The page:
“Deep down, I knew that you were too good to be true
But every piece and part of me wanted to believe in you
But now it’s happily ever never”
The words played over my car speakers as I sat in traffic. I’d been listening to “Peter Pan” by Kelsea Ballerini on repeat for weeks now. I’d crank it as loud as my Camry would allow and sing along at the top of my lungs (horribly, sorry fellow commuters).
On this particular day, sometime in early 2017, I heard those two lines a little louder than normal. I started the song over and listened again. The wheels in my brain started turning; a story was unfolding. Who was this girl and how had she fallen for this Peter Pan? How had she ignored the voice that nagged at her?
I sat in traffic and pictured this girl, a girl I’d now named Janna, and the boy, whom I called Ryan. What was their story and how did it fall apart (no spoilers here folks, the book is called Happily Ever Never, you know it’s coming), and more importantly, how does Janna grow?
As I pulled into the parking garage at work, I had a good idea of their story. I pulled out my phone and started making notes as I walked to the elevator and then through downtown Nashville. Their story was so perfectly clear.
When an idea or story comes to me, usually as snipers of scenes or conversations and, almost always inspired by a song, it consumes me (more apologies to those around me) until I get their stories out. The characters nag and nag, filling my brain with dialogue and backstories.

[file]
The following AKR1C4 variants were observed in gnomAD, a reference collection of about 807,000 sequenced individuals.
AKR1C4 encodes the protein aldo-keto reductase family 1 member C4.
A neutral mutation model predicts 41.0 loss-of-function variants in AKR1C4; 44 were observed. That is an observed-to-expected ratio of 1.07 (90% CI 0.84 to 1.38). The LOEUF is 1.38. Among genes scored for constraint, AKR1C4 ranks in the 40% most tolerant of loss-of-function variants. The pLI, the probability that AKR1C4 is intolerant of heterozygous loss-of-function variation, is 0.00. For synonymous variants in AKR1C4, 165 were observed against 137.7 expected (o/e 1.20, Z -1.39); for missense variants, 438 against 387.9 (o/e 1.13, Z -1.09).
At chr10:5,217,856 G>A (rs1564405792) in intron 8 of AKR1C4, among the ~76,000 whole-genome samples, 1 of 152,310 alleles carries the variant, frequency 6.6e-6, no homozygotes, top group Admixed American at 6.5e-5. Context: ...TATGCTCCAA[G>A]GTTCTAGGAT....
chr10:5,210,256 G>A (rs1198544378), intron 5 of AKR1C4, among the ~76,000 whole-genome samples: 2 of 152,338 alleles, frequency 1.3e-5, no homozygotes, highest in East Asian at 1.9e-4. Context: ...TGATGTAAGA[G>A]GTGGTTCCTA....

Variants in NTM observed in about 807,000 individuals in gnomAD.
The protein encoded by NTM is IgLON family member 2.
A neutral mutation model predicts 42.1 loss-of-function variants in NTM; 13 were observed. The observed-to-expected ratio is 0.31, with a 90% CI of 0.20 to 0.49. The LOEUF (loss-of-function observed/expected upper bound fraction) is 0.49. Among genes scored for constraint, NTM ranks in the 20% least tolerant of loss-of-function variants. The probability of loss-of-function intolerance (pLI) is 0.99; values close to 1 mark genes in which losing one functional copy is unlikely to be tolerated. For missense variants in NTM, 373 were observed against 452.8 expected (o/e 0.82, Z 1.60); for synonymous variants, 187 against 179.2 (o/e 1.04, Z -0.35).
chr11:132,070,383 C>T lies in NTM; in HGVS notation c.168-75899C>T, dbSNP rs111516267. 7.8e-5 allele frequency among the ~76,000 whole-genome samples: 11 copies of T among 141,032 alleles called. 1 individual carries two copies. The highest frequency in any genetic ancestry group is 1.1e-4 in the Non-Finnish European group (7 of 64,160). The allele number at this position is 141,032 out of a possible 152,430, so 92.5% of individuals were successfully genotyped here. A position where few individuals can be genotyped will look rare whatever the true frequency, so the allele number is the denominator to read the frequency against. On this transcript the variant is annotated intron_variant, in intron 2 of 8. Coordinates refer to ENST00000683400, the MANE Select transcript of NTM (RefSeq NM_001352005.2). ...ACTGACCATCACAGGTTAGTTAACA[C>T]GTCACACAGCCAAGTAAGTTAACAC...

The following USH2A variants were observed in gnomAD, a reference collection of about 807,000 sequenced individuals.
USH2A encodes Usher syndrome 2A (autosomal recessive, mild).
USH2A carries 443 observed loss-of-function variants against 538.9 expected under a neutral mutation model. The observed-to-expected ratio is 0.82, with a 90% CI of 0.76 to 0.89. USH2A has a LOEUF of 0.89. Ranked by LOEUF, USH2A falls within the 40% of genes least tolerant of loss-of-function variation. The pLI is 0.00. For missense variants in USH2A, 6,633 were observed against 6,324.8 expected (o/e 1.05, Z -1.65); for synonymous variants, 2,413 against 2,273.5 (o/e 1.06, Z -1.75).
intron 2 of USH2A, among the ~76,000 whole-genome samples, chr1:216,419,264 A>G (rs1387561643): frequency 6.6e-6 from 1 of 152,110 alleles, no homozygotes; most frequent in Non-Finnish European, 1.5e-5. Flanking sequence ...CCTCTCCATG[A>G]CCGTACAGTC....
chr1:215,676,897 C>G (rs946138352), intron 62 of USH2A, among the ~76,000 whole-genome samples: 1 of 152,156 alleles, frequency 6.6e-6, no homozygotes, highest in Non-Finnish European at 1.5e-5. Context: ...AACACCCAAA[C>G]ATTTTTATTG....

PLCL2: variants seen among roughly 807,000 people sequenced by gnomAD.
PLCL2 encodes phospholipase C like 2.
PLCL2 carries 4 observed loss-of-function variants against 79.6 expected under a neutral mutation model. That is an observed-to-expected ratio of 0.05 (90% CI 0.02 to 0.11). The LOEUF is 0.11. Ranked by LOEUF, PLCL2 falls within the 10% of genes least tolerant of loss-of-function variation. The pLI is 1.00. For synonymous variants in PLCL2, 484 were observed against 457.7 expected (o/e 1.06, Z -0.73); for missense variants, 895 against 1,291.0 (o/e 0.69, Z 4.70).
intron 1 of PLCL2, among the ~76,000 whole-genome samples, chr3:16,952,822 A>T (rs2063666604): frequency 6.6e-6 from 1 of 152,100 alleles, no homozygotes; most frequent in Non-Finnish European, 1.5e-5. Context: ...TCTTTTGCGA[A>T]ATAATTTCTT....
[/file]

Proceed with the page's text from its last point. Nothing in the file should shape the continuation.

To some, this idea may seem foreign. But, to my fellow imagineers, this is the process. For so long, I ignored these stories or simplified them into short lyrics or stories I told myself and then let fly away. Every once in a while, these stories become too big to stay in my brain and I start writing. And writing. And writing.
That’s what happened with Happily Ever Never. It happened when I wrote it in early 2017 and again now as I’m editing it to share with you.
When I was trying to decide which book to publish next, I’d initially chosen a different manuscript. I had it printed, started editing and stopped. I didn’t love the characters, they didn’t speak to me anymore. Janna kept nagging. I opened the preface that I wrote and started reading. Then chapter one, two, three … you get the idea. She pulled me right back into her story and I knew this was the book I had to share. I’ve now read it four times in the editing and revision process. Four times in a month and I still love it.
My plan is to release in October, so be sure to sign up for my newsletter to get early access to the first three chapters (starting 9/21, I’ll be sharing the first three chapters exclusively with my subscribers).
Stay tuned 💗